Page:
BUILD’s approach to family child care is multi-faceted and systemic. BUILD assists state leaders as they examine how they are implementing and resourcing a mixed delivery system and whether and how they support family child care as a core partner. Our approach includes helping leaders identify strategies that will increase supply and design quality supports explicitly for family child care with the appropriate depth and longevity to facilitate change.

BUILD has partnered with more than a dozen states as they expand their systems of support to include family child care. BUILD has helped state leaders via staffed family child care networks, business practices assistance, cross-service connections, and quality supports through improved integration into the mixed delivery system. BUILD also supports states to help providers by increasing the supply of quality professional development systems focus specifically on home-based care.

Family Child Care as A Core Component of the Early Care and Education System

The National Survey of Early Care and Education estimates that one million paid providers care for 3,091,000 children who are newborns through age five in the providers’ homes; this includes regulated, registered, and family, friend, and neighbor care (National Survey of Early Care and Education Project Team, 2016). According to the Office of Child Care website, about one in four children (24 percent) receiving child care funded by the Child Care and Development Fund (CCDF) program is cared for in family child care. Specifically, in 21 states and territories, 30 percent or more of children receiving CCDF program funds are in family child care.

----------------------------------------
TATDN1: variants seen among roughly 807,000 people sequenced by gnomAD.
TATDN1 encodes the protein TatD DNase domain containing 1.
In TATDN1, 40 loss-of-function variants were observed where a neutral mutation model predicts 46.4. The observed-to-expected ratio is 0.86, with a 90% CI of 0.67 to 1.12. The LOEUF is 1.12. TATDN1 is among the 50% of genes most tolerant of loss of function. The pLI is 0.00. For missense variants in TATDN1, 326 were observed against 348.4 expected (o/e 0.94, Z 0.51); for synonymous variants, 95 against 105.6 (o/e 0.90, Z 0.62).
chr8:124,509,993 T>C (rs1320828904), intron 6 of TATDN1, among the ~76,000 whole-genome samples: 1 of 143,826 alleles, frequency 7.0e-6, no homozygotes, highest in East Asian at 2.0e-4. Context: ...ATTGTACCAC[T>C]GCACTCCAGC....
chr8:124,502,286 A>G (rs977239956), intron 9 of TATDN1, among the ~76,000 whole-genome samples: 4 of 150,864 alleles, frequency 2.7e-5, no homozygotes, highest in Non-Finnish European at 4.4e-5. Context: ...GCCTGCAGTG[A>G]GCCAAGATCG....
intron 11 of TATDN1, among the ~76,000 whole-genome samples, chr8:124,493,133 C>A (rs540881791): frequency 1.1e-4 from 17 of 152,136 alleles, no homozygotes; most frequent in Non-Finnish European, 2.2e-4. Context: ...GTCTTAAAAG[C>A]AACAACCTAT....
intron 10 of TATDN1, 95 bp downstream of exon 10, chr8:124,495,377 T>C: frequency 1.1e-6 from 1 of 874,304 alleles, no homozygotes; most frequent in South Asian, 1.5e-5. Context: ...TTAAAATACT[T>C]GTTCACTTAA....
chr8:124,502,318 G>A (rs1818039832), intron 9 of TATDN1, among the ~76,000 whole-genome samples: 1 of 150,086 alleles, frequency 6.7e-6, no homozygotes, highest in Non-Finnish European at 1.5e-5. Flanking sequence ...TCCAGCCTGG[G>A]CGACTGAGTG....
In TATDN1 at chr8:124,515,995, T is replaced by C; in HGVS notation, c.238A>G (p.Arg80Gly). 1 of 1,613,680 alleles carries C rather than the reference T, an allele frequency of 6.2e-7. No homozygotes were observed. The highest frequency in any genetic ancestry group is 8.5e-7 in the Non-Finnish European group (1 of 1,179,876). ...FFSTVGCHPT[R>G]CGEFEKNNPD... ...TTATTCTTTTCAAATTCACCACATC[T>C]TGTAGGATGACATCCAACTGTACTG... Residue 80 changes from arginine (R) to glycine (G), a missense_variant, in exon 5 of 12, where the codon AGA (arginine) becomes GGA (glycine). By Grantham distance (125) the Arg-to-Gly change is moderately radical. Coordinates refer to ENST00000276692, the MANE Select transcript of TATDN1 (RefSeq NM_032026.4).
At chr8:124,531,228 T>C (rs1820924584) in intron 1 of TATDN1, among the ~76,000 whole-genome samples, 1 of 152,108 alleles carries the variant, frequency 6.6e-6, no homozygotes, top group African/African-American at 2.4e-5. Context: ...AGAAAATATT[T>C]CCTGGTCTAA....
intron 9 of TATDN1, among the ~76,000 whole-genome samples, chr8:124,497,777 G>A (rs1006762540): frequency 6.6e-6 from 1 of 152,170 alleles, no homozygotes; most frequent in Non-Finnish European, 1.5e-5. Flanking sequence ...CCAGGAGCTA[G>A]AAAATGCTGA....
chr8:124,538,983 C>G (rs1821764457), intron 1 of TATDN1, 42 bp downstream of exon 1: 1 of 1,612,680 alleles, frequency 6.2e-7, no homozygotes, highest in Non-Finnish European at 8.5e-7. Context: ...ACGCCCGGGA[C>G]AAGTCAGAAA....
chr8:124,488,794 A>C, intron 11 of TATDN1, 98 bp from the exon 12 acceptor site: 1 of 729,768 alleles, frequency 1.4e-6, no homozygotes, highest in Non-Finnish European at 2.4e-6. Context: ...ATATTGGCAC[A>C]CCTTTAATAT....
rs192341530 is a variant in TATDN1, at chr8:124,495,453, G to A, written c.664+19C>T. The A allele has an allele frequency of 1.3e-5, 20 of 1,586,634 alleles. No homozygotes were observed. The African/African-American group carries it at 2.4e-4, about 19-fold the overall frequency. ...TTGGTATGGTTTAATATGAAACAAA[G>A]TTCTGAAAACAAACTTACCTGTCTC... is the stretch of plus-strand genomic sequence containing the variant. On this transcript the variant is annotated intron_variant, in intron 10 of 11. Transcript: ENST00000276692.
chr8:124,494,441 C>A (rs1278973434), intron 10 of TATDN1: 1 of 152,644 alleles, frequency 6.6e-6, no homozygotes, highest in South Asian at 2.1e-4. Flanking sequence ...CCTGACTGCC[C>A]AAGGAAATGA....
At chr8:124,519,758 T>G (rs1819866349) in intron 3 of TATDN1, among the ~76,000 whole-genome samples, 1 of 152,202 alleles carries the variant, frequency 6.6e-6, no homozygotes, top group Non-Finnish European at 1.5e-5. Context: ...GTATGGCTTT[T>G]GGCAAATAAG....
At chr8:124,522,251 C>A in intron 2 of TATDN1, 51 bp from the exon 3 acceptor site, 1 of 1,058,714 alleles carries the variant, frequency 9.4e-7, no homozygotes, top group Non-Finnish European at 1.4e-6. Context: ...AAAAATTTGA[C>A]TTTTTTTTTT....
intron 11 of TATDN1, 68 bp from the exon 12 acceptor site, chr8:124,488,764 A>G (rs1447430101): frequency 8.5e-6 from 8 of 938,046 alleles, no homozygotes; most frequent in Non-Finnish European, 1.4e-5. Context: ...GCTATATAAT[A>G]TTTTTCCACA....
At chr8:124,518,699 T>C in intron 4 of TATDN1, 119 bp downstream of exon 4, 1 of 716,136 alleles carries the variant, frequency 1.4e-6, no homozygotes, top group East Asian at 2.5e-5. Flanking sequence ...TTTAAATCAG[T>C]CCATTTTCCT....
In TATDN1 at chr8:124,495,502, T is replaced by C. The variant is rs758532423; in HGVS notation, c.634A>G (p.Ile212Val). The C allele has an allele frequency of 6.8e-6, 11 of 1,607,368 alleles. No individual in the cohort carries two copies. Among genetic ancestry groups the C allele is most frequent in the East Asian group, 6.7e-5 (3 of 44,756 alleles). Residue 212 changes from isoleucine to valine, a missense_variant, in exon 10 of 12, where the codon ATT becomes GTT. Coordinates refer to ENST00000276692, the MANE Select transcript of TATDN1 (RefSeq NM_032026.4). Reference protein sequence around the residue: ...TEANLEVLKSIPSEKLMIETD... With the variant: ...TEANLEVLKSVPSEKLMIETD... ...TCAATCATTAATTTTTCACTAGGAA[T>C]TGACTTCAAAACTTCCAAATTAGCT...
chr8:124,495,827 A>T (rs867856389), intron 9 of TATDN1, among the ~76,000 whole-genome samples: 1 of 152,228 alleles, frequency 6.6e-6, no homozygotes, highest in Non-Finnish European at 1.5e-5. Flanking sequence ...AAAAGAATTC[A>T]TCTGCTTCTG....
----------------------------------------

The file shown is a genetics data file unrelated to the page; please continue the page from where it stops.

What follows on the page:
While there is growing recognition of the significance of family child care in the early care and education field, FCC providers may feel isolated from resources and other professionals in the ECE field and often have limited training in how to support child development. State systems often struggle to reach out to these caregivers and offer support. An Office of Child Care brief on family child care raises the issue of the wide variance in state regulations, such as licensing, that apply to home-based care settings, and, therefore, the role assumed by states in supporting FCC programs. The brief notes that:

Research has identified predictors of quality in family child care, which include licensing, professional support, training, financial resources, and provider experience. High-quality family child care has been linked to improvements in children’s cognitive, social-emotional, and physical development. Although licensing rules for family child care in states often do not reflect high-quality standards, FCC providers can exceed these minimum expectations and can provide high-quality care and early learning experiences for children.

The federal emphasis on family choice and an early care and education system that includes home-based care in Child Care Development Block Grants, the Early Learning Challenge, Early Head Start-Child Care Partnerships, and in the current Preschool Development Grants Birth-Five has increased state focus on home-based care. COVID-19 has dramatically increased this focus.